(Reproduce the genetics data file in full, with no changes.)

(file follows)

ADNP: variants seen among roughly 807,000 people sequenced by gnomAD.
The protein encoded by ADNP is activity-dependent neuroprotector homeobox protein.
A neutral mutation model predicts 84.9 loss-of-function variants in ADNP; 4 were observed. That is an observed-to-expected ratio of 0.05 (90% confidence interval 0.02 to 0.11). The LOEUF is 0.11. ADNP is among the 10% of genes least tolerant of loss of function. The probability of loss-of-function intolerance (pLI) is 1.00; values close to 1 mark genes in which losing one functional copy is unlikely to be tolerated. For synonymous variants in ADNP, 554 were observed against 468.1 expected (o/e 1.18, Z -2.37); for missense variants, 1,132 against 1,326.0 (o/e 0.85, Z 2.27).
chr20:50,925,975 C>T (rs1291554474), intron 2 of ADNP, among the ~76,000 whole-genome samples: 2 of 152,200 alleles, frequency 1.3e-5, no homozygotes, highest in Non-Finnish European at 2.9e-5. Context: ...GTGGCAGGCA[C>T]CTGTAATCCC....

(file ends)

ADNP: variants seen among roughly 807,000 people sequenced by gnomAD.
The protein encoded by ADNP is activity-dependent neuroprotector homeobox protein.
A neutral mutation model predicts 84.9 loss-of-function variants in ADNP; 4 were observed. That is an observed-to-expected ratio of 0.05 (90% confidence interval 0.02 to 0.11). The LOEUF is 0.11. ADNP is among the 10% of genes least tolerant of loss of function. The probability of loss-of-function intolerance (pLI) is 1.00; values close to 1 mark genes in which losing one functional copy is unlikely to be tolerated. For synonymous variants in ADNP, 554 were observed against 468.1 expected (o/e 1.18, Z -2.37); for missense variants, 1,132 against 1,326.0 (o/e 0.85, Z 2.27).
chr20:50,925,975 C>T (rs1291554474), intron 2 of ADNP, among the ~76,000 whole-genome samples: 2 of 152,200 alleles, frequency 1.3e-5, no homozygotes, highest in Non-Finnish European at 2.9e-5. Context: ...GTGGCAGGCA[C>T]CTGTAATCCC....